RBAC policies should be updated and modified frequently to prevent becoming dated. Remove any privileges that are no longer needed. Although it may be laborious, securing production workloads is worthwhile.

  1. Network Security Controls

The fact that security groups run by cloud providers and corporate networks are all centered on the node level raises serious security concerns in Kubernetes deployments. Although traffic to and from a node can be managed, there is currently no way to determine which pod or service is active on a given node. Because multiple services may be executing on the same node at different times and have different security requirements, security controls become essentially ineffective during runtime.

Due to the dynamic nature of Kubernetes workloads, automated CI/CD processes are continually deploying new iterations of existing services to Kubernetes cluster nodes in the latest version. The same workloads can move between on-premises and several cloud environments, each of which has its own network security restrictions, adding to the difficulty of the situation.

You must use a declarative strategy to include network security definitions into your workloads if you want to achieve network security in a Kubernetes environment. Across Kubernetes distributions and data centers, security specifications must be a fundamental component of Kubernetes workloads. The workload must always bring its security definitions with it wherever it runs. There are two ways to do this:

  • Using a Kubernetes-native network policy solution – A few examples are Calico, Weavenet, Kube-router, and Antrea. At network layers 3 and 4 (TCP/IP), these tools implement a network policy.
  • Using a native Kubernetes proxy – Envoy is a popular proxy. A network layer 7 (HTTP/HTTPS) application layer policy can be defined using this to secure communication between microservices. You can specify, for instance, that a particular microservice should only accept HTTP GET requests and should deny HTTP POST requests by defining security policies at the proxy level.

Final Thought

Embed security earlier into the container lifecycle

You must include security earlier in the container lifecycle and make sure that the security and DevOps teams are aligned and working toward the same objectives. Your developer and DevOps teams should be empowered by security to build and deliver apps that are production-ready for size, reliability, and security.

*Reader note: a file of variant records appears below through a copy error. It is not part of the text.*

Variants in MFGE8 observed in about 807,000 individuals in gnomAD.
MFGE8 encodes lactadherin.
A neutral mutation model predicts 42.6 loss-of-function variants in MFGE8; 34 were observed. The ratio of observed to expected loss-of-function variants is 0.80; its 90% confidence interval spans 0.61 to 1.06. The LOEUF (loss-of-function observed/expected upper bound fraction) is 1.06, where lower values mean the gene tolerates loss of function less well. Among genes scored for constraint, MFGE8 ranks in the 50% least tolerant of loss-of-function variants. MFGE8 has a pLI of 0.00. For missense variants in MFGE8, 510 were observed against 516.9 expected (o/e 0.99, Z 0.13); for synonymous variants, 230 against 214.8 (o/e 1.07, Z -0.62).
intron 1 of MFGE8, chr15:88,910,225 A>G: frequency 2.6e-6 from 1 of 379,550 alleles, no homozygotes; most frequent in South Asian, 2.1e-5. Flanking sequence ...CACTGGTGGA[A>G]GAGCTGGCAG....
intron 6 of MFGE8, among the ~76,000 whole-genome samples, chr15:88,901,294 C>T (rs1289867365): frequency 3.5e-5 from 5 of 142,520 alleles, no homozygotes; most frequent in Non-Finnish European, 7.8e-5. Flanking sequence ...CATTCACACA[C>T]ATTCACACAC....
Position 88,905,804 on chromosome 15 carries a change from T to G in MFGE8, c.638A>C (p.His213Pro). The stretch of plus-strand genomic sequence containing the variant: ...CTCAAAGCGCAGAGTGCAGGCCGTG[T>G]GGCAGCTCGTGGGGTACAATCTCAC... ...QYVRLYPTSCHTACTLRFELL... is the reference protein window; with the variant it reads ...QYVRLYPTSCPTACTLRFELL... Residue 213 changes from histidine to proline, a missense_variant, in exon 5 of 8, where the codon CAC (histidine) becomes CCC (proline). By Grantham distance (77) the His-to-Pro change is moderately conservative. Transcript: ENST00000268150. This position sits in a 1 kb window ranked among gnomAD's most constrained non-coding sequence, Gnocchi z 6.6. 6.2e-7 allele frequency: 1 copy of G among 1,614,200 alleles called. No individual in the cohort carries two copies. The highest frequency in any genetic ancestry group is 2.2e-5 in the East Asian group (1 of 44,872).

Use Kubernetes-native security controls to reduce operational risk

Utilize Kubernetes’ native controls whenever possible to impose security standards in order to prevent conflict between your security measures and the orchestrator. Use Kubernetes network policies to provide secure network communication instead of, for instance, employing a third-party proxy or shim to enforce network segmentation.

Leverage the context that Kubernetes provides to prioritize remediation efforts

It takes a lot of time to manually prioritize security events and policy violations in sprawling Kubernetes settings.

A deployment that has a vulnerability with a severity score of 7 or higher, for instance, should have its remediation priority increased if it supports a non-critical app and has privileged containers, and is accessible from the Internet.


Furthermore, keep these infrastructure best practices also in mind when securing your Kubernetes cluster.

  • Make sure that TLS is used for all communication.
  • Protect with TLS, a firewall, encryption, and strong credentials to limit access. 
  • In a supported environment, such as a PaaS, configure IAM access policies.
  • Kubernetes Control Plane security 
  • Frequently change infrastructure login credentials. 
  • Limit user access to the cloud metadata API when using a PaaS like AWS, Azure, or GCP.